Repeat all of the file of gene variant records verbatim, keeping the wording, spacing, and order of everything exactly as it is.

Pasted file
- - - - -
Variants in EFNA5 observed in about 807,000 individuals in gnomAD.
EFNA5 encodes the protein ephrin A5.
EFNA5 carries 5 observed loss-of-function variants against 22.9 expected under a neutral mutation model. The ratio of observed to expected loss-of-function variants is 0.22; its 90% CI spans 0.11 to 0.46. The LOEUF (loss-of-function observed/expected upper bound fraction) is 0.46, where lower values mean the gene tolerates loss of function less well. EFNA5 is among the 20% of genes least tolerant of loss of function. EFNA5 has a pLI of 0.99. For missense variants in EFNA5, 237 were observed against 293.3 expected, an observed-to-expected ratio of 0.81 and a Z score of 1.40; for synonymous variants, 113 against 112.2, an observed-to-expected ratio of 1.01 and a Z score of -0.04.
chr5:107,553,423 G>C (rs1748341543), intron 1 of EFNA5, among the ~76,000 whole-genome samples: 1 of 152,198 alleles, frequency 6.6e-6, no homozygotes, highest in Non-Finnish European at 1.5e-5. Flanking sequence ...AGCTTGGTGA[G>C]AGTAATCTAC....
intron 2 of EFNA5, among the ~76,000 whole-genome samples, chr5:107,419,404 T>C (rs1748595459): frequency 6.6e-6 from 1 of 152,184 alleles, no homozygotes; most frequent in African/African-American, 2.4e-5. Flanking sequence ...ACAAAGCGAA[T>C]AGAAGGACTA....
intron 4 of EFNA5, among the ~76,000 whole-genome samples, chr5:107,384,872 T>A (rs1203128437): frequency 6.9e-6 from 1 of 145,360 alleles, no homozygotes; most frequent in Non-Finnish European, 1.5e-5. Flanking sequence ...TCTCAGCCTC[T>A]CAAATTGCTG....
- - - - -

Variants in EFNA5 observed in about 807,000 individuals in gnomAD.
EFNA5 encodes the protein ephrin A5.
EFNA5 carries 5 observed loss-of-function variants against 22.9 expected under a neutral mutation model. The ratio of observed to expected loss-of-function variants is 0.22; its 90% CI spans 0.11 to 0.46. The LOEUF (loss-of-function observed/expected upper bound fraction) is 0.46, where lower values mean the gene tolerates loss of function less well. EFNA5 is among the 20% of genes least tolerant of loss of function. EFNA5 has a pLI of 0.99. For missense variants in EFNA5, 237 were observed against 293.3 expected, an observed-to-expected ratio of 0.81 and a Z score of 1.40; for synonymous variants, 113 against 112.2, an observed-to-expected ratio of 1.01 and a Z score of -0.04.
chr5:107,553,423 G>C (rs1748341543), intron 1 of EFNA5, among the ~76,000 whole-genome samples: 1 of 152,198 alleles, frequency 6.6e-6, no homozygotes, highest in Non-Finnish European at 1.5e-5. Flanking sequence ...AGCTTGGTGA[G>C]AGTAATCTAC....
intron 2 of EFNA5, among the ~76,000 whole-genome samples, chr5:107,419,404 T>C (rs1748595459): frequency 6.6e-6 from 1 of 152,184 alleles, no homozygotes; most frequent in African/African-American, 2.4e-5. Flanking sequence ...ACAAAGCGAA[T>C]AGAAGGACTA....
intron 4 of EFNA5, among the ~76,000 whole-genome samples, chr5:107,384,872 T>A (rs1203128437): frequency 6.9e-6 from 1 of 145,360 alleles, no homozygotes; most frequent in Non-Finnish European, 1.5e-5. Flanking sequence ...TCTCAGCCTC[T>A]CAAATTGCTG....